What are all the stickers on bins about?

Outside off-licenses, Tescos and your local retailer of non-cig smokables, a new tapestry of urban, consumer art sits atop Britain’s bins.

Disposable vape stickers are everywhere. You must’ve seen them: small, peel-off decals often torn from the bottom of a Lost Mary, the second most popular disposable vape in the UK (the first is Elfbar).

The stickers have a design purpose: they prevent any fluid from leaking out and protect the air-pressure sensor. But in student areas, near pubs or outside vape shops, they live on after the last fruity puff, forming a yin and yang patchwork on pavement refuse receptacles.

With apparently little else to do, I decided to go on a mission, issuing a public call for action: to find the UK bin that’s covered in the most vape stickers.

I picked one of the most popular student cities for my own expedition – Manchester – while some unpaid scouts/​online mutuals across the country would cover the rest of my vape-based reconnaissance.

My journey began in Fallowfield, the city’s student housing enclave. Students, of course, are a key demographic in the UK’s booming disposable vape market. A study conducted last year by Cancer Research showed a rise in the number of users, from 0.1 per cent in January 2021 to 4.9 per cent of the population by August 2023. This rise was most prominent in the 18 – 24 age demographic, with 14.4 per cent reporting that they used a disposable vape within the last year.

Opposite the uni halls, my first bin is engulfed. Sat outside a corner shop called Midway Wines, it stands as a testament to the number of vapes bought and swiftly unwrapped, ready for eager inhalation.

The stickers are, of course, a street-level, public signifier of the wider littering issue within vape culture. Every week, it seems, a new figure appears estimating the number of disposables thrown away, each one more concerning than the last. 260 million are thrown away per year, five million a week, one every two seconds, 22 football pitches filled every 365 days. And according to Scott Butler, executive director of Material Focus, a non-profit organisation focused on recycling, most are being binned or littered, rather than recycled” –the result of a lack of access to electrical recycling points and the failure of vape distributors to offer recycling/take-back schemes.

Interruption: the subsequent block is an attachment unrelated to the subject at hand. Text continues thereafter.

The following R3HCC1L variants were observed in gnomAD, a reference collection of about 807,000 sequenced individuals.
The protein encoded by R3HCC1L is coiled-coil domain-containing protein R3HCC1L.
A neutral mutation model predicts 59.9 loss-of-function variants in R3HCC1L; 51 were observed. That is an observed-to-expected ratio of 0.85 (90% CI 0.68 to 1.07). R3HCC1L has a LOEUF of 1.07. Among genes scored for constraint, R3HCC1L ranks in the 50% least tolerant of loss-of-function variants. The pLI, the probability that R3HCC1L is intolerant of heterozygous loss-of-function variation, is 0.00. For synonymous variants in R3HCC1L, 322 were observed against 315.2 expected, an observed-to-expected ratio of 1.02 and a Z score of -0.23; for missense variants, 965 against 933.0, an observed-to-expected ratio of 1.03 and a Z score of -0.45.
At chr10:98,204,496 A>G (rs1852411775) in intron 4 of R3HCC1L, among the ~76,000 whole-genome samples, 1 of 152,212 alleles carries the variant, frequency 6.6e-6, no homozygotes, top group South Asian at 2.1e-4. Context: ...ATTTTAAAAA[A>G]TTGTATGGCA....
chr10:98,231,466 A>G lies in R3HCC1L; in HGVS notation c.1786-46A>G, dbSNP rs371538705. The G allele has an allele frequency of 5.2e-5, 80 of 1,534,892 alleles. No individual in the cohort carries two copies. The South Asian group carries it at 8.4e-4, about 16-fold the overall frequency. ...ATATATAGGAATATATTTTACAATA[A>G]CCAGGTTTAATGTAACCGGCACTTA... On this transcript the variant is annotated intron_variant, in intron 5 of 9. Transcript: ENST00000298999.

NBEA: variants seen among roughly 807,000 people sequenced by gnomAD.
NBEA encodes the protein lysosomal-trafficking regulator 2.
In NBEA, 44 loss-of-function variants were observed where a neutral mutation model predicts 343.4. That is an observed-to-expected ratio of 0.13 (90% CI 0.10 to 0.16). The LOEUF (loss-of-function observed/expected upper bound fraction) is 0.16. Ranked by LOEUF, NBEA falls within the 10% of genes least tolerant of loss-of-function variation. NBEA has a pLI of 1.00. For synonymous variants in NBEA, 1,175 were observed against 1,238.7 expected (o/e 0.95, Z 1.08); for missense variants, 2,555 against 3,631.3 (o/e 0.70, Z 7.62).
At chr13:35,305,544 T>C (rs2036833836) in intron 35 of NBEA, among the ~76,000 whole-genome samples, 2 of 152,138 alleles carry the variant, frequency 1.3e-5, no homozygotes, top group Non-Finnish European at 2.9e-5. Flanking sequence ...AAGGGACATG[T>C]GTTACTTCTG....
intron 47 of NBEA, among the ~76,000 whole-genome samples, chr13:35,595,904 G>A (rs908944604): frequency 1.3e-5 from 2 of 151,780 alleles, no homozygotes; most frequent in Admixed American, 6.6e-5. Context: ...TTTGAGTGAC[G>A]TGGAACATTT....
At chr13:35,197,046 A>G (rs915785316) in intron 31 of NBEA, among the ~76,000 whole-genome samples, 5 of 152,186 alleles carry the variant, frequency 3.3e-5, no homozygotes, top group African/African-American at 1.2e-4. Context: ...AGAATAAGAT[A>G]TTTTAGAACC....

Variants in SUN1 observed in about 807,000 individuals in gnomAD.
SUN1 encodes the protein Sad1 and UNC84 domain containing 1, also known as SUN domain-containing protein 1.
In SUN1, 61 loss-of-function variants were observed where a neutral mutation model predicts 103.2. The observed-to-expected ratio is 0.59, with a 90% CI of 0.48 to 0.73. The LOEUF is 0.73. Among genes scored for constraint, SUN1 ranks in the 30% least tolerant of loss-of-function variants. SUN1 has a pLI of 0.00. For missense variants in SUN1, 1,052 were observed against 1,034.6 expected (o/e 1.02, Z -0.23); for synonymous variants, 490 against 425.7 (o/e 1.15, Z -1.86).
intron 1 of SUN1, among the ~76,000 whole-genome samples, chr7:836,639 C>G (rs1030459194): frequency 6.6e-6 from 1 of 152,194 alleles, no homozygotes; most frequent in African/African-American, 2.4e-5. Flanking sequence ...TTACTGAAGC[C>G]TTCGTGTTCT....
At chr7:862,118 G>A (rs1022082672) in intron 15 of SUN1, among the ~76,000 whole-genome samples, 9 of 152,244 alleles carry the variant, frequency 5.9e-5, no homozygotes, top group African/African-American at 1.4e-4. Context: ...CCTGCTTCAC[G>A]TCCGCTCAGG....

And it’s not as if a lost Lost Mary doesn’t have some worth: their lithium batteries are valuable. Not to mention prone to catching fire,” says Butler, when discarded.

My phone buzzed – a scout in Brighton had sent me a pic of a bin with a demonstrable covering on Western Road. This is a non-student area with a handful of fairly busy bars. Clearly, sticker habits are expanding into the working populace.

Another buzz, this time from a friend in Belfast. This double bin is located in the town centre where the stickers are everywhere,” she tells me.

These stickers are not just limited to big cities. A scout in Egham, a small town in Surrey, sent me a photo of a bin with an avalanche of them.

Eventually, I reach my final destination: Manchester city centre. Traversing the streets of the Gay Village, then heading into the Northern Quarter nightlife hotspot, I find many sticker-covered bins. One that stands out is opposite popular pub The Garratt, which is next to a Spar. Snapping a quick pic of the bin, I am reminded of another form of smoke-related littering as a man smokes a ciggie next to me – a handful of cigarette butts lay by my feet.

Ultimately, the search for the bin covered in the most stickers is impossible – my own Gatsby’s green light – especially when local councils are now actively removing them. At least with the disposable vape ban imminent, the potential for these stickers to become a defining feature of Britain’s urban littering landscape, joining chewing gum and fag ends, now seems less likely. Still, it’s been a nice day out.

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